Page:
In 2022 Molina will go out the best way: by being a Cardinal from beginning to end, for nearly two decades, and becoming one of the true legends at his position while repping STL. He’ll have a type of career that is all but impossible to achieve at a time in MLB when players hop teams — and front offices shuffle rosters in a way that lessen costs by replacing higher-salaried veterans.

Molina will go out by having a final, fabulous opportunity to show his appreciation for the Cardinals and their fans, and let everyone hug him back. He will be celebrated in every ballpark the Cardinals visit in 2022. They may boo him in Cincinnati, but that will come out of respect from years of fierce and entertaining baseball battles.

Molina’s catcher’s gear should be on display at the Baseball Hall of Fame. It should be on display at the Smithsonian. It should be studied by archaeologists. It should be examined by scientists.

I say that as a tribute to his high-quality endurance. Molina ranks near the top of MLB’s all-time leaders in games caught (4th) and games started (2,015.) He is fifth in most innings caught (17,450 and ⅔ ) and 10th in caught-stealing percentage (40.5%).

He is fifth in MLB history for defensive Wins Above Replacement (WAR) for catchers, and second in WAR runs fielding for catchers.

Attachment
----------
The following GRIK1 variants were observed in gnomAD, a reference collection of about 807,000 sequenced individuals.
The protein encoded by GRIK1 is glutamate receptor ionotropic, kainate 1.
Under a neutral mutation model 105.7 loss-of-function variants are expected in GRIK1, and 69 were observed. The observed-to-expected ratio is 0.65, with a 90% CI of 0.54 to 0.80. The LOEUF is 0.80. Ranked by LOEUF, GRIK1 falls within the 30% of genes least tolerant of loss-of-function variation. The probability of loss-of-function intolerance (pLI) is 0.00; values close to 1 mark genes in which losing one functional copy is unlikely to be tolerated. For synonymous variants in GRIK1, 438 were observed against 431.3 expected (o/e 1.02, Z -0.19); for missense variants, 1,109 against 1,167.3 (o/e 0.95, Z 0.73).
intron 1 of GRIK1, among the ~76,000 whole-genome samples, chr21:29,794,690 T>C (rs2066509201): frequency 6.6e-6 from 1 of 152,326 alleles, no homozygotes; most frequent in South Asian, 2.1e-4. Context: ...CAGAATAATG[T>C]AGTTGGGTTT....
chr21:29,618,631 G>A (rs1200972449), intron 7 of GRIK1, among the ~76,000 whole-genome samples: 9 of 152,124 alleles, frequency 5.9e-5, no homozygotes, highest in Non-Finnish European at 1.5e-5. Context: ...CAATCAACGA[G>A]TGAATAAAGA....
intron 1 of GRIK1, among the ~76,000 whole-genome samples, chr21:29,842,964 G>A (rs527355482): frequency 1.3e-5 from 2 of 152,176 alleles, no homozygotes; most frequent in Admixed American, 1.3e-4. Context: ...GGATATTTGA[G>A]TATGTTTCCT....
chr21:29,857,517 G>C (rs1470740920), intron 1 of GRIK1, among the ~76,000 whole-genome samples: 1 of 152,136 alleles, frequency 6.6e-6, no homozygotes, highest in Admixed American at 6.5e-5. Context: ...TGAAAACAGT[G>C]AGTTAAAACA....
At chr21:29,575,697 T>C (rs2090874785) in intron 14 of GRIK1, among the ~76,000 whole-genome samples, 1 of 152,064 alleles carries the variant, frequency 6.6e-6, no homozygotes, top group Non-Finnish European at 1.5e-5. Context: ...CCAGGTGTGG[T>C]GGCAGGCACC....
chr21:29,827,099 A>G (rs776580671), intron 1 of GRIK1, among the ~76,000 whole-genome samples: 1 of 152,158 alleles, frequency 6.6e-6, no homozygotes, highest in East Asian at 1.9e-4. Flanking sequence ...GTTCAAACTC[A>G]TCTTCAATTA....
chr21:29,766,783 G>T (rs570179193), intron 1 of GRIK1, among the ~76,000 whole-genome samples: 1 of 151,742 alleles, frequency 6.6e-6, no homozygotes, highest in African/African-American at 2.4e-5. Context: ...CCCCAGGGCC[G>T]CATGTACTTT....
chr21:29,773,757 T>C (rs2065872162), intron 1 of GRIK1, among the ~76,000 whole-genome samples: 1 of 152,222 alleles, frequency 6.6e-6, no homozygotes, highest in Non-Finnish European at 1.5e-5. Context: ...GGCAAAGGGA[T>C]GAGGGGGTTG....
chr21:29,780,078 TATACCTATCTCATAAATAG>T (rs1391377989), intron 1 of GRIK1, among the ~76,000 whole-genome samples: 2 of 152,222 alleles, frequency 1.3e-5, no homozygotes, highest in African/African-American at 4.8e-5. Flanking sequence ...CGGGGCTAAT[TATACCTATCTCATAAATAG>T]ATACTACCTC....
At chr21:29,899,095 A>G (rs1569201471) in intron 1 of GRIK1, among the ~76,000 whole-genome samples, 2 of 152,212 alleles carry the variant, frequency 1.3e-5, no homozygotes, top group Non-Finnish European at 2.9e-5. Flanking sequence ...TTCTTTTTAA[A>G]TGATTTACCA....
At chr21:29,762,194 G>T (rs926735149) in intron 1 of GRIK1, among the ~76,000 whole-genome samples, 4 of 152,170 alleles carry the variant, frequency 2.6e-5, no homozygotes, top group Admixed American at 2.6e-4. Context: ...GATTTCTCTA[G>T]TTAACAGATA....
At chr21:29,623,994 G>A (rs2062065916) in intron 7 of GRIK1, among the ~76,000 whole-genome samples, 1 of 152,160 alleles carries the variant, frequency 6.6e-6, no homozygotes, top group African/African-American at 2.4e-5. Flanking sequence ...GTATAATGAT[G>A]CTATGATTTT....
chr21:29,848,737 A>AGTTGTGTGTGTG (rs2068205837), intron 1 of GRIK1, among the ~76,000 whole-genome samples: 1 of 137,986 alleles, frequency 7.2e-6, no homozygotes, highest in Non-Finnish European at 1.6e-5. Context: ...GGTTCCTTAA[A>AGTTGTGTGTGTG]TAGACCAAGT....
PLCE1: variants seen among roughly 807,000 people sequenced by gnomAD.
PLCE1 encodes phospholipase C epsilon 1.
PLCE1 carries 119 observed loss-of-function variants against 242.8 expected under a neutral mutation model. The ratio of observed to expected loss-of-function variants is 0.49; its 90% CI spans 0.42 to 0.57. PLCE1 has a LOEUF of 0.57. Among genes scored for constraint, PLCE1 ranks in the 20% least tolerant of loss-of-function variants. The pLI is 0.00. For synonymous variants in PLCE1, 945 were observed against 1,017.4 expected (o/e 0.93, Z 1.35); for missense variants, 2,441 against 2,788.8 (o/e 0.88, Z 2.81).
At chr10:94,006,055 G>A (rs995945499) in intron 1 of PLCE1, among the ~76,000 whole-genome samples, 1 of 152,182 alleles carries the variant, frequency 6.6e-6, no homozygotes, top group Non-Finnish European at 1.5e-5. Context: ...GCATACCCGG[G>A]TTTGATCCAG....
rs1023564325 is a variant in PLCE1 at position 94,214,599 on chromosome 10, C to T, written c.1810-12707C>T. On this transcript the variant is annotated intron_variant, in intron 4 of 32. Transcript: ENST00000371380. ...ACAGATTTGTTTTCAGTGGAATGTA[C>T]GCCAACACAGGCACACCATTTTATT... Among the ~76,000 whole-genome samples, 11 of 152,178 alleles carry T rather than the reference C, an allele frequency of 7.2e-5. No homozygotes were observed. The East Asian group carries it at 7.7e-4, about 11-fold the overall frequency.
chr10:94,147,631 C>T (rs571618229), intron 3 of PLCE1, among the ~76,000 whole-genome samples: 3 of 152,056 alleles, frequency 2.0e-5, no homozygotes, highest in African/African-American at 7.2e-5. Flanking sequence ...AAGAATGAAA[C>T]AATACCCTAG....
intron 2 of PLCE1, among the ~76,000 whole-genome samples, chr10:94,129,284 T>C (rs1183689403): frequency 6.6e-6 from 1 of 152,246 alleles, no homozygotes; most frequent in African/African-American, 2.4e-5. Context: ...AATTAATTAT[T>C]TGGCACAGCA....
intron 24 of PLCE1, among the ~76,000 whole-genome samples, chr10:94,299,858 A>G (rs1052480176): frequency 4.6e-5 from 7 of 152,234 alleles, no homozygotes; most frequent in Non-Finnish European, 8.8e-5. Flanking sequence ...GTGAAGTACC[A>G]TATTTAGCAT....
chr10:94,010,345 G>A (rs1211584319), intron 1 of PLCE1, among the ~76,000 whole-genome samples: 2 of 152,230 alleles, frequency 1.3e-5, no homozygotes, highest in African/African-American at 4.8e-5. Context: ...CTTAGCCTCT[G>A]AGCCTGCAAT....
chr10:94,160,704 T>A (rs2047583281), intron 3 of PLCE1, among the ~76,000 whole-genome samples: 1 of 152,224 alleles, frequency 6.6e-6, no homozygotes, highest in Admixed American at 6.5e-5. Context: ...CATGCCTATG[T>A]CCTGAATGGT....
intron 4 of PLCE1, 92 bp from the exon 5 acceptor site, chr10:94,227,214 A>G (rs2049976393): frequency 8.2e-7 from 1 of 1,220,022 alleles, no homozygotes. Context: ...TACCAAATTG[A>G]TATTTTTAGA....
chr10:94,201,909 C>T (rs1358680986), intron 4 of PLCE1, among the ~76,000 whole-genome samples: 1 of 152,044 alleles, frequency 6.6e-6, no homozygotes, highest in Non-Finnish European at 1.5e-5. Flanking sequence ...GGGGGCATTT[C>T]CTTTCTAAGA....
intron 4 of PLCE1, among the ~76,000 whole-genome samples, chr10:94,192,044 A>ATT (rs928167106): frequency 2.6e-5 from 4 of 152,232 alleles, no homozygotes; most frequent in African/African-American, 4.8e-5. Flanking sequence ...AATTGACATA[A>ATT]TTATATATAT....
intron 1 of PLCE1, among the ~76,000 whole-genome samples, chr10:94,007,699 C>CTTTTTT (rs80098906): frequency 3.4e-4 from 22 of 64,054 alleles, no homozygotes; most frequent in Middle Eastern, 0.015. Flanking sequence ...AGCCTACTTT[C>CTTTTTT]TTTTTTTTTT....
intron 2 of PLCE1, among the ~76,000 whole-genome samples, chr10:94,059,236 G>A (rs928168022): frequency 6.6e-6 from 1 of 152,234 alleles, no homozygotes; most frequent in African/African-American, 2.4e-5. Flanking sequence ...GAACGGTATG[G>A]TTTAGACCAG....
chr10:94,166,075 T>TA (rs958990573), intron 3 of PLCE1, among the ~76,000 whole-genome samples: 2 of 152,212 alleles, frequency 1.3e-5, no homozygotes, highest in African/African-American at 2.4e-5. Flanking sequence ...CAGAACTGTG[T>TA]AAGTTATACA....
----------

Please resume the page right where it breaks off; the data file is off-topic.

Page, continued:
Molina is one of two men in MLB history — Johnny Bench is the other — that have caught 2,000 or more games for one franchise.

And the young catcher who couldn’t hit threw out that talk the way he throws out runners who dare to steal a base on him.

In franchise history Molina ranks fourth in hits (2,090) and soon will be third. He’s fourth in singles, fourth in doubles, seventh in RBI, seventh in total bases, 10th in extra-base hits, 10th in homers. When you look at these historical rankings, Molina’s name is hanging out in the company of Stan Musial, Albert Pujols, Lou Brock, Ozzie Smith, Ken Boyer, Ted Simmons, Enos Slaughter, Sunny Jim Bottomley, and other heralded hitters.

It’s been a remarkable career.

This achievement doesn’t get talked about as much as it should: while it is more commonly pointed out that Molina has played in more postseason games than any player in National League history — there is usually a failure to include Molina’s distinction of playing in more postseason wins (52) than any player in NL history. He also has the most postseason hits (101) and doubles (19) by an NL-only player.





Yadier Molina.